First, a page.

National Lampoon’s Christmas Vacation [AKA National Lampoon’s Winter Holiday] (1989, dir. Jeremiah Chechik)

The Griswolds invite their extended family for Christmas, triggering an escalating comedy of errors. The best of the Vacation movies, this balances slapstick and subversion, with enough dark moments to give the movie substance.

It’s A Wonderful Life (1946, dir. Frank Capra)

A suicidal man is shown there’s hope by an angel-in-training. Peerless Christmas fantasy riffing on A Christmas Carol. Just about note-perfect throughout.

A Christmas Carol (1984, dir. Clive Donner)

A ruthless businessman is reminded of the meaning of Christmas by a series of ghosts. Sturdy version of the Dickens classic anchored by an unusual central performance – Scrooge somewhat more sympathetic than usual – and by a solid cast of familiar faces.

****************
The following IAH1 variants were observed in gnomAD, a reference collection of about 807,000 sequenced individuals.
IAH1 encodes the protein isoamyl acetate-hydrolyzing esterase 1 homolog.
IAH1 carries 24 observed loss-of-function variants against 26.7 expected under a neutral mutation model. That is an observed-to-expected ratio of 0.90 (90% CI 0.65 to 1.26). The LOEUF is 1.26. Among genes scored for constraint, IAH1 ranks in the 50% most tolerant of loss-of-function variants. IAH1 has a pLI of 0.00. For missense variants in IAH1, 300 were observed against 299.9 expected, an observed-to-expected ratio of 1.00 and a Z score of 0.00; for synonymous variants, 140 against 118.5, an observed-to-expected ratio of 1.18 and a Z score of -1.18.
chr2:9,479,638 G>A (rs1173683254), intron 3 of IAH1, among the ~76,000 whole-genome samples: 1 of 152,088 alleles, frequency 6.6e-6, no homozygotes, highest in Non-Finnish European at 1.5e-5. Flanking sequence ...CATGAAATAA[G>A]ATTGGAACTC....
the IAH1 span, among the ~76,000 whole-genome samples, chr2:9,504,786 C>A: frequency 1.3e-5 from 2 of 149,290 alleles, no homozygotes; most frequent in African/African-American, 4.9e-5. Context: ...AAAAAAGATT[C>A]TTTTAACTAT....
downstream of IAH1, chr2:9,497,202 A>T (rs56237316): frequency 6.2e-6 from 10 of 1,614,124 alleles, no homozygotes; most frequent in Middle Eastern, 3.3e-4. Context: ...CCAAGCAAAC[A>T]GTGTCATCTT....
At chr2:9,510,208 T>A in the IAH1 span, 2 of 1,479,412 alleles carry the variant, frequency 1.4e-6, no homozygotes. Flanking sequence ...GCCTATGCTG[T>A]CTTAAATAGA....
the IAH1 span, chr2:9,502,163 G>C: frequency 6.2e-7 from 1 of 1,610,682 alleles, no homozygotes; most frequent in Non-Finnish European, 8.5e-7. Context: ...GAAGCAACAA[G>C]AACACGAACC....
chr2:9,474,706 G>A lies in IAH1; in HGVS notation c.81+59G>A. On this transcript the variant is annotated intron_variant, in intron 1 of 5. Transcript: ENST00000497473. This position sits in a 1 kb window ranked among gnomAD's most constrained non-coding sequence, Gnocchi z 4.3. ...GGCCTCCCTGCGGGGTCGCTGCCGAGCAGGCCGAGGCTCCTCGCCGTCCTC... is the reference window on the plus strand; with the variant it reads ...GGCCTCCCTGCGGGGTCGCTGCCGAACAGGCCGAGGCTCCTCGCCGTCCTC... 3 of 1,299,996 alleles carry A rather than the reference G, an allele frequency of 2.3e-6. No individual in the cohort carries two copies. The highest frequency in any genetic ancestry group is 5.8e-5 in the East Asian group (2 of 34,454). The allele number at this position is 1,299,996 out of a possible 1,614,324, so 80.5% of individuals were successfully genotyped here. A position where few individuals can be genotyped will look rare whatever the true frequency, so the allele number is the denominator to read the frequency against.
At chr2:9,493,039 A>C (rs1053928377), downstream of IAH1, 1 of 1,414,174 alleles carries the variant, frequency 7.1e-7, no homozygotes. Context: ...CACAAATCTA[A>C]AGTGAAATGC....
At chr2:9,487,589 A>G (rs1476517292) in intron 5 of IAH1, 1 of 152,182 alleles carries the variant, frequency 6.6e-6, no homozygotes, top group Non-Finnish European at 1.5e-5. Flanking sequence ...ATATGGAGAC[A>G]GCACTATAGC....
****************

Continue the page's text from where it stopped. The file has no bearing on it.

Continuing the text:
The Christmas Chronicles (2018, dir. Clay Kaytis)

After setting a trap to catch Santa, two squabbling siblings have to help him save Christmas. Patchy Yuletide offering with few surprises. Russell does what he can with an indifferent script, but this is no classic.

Elf (2003, dir. Jon Favreau)

One of Santas’s elves discovers he’s human; he journeys to New York to find his father. Generally solid Christmas comedy which keeps its single joke going for a good hour before a plot is hastily bundled in (the usual “save Christmas” one).

Get Santa (2013, dir. Christopher Smith)

An ex-con has to restore his relationship with his son by rescuing Santa and Christmas. Modest but quirky Brit festive flick which goes for the usual emotional gubbins but scores with some appealing casting, and decent poo and fart jokes.